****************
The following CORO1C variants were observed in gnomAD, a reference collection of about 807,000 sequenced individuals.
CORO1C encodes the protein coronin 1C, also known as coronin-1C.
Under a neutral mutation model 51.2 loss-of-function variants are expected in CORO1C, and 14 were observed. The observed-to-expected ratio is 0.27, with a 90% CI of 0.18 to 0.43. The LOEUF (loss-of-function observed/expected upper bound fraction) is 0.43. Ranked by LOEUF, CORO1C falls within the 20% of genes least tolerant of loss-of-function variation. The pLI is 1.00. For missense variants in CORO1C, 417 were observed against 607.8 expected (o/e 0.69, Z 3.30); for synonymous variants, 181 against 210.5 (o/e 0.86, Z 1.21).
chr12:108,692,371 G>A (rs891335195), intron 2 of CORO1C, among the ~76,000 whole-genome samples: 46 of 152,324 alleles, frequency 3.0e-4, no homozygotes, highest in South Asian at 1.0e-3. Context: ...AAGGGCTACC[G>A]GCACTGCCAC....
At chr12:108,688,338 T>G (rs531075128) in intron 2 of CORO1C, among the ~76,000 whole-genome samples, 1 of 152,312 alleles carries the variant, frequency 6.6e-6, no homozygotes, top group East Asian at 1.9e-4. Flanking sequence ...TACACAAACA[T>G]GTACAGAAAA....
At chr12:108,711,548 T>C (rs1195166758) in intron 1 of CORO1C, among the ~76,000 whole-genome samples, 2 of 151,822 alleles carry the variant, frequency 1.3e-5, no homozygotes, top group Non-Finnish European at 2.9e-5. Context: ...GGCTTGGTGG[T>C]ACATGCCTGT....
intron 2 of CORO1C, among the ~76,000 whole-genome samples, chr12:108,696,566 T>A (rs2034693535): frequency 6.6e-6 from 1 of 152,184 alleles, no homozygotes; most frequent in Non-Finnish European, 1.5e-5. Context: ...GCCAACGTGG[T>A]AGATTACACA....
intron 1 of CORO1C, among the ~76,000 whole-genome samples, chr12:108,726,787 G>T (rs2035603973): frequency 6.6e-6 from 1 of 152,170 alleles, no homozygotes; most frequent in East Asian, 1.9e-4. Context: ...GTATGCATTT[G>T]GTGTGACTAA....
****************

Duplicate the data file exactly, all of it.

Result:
The following CORO1C variants were observed in gnomAD, a reference collection of about 807,000 sequenced individuals.
CORO1C encodes the protein coronin 1C, also known as coronin-1C.
Under a neutral mutation model 51.2 loss-of-function variants are expected in CORO1C, and 14 were observed. The observed-to-expected ratio is 0.27, with a 90% CI of 0.18 to 0.43. The LOEUF (loss-of-function observed/expected upper bound fraction) is 0.43. Ranked by LOEUF, CORO1C falls within the 20% of genes least tolerant of loss-of-function variation. The pLI is 1.00. For missense variants in CORO1C, 417 were observed against 607.8 expected (o/e 0.69, Z 3.30); for synonymous variants, 181 against 210.5 (o/e 0.86, Z 1.21).
chr12:108,692,371 G>A (rs891335195), intron 2 of CORO1C, among the ~76,000 whole-genome samples: 46 of 152,324 alleles, frequency 3.0e-4, no homozygotes, highest in South Asian at 1.0e-3. Context: ...AAGGGCTACC[G>A]GCACTGCCAC....
At chr12:108,688,338 T>G (rs531075128) in intron 2 of CORO1C, among the ~76,000 whole-genome samples, 1 of 152,312 alleles carries the variant, frequency 6.6e-6, no homozygotes, top group East Asian at 1.9e-4. Flanking sequence ...TACACAAACA[T>G]GTACAGAAAA....
At chr12:108,711,548 T>C (rs1195166758) in intron 1 of CORO1C, among the ~76,000 whole-genome samples, 2 of 151,822 alleles carry the variant, frequency 1.3e-5, no homozygotes, top group Non-Finnish European at 2.9e-5. Context: ...GGCTTGGTGG[T>C]ACATGCCTGT....
intron 2 of CORO1C, among the ~76,000 whole-genome samples, chr12:108,696,566 T>A (rs2034693535): frequency 6.6e-6 from 1 of 152,184 alleles, no homozygotes; most frequent in Non-Finnish European, 1.5e-5. Context: ...GCCAACGTGG[T>A]AGATTACACA....
intron 1 of CORO1C, among the ~76,000 whole-genome samples, chr12:108,726,787 G>T (rs2035603973): frequency 6.6e-6 from 1 of 152,170 alleles, no homozygotes; most frequent in East Asian, 1.9e-4. Context: ...GTATGCATTT[G>T]GTGTGACTAA....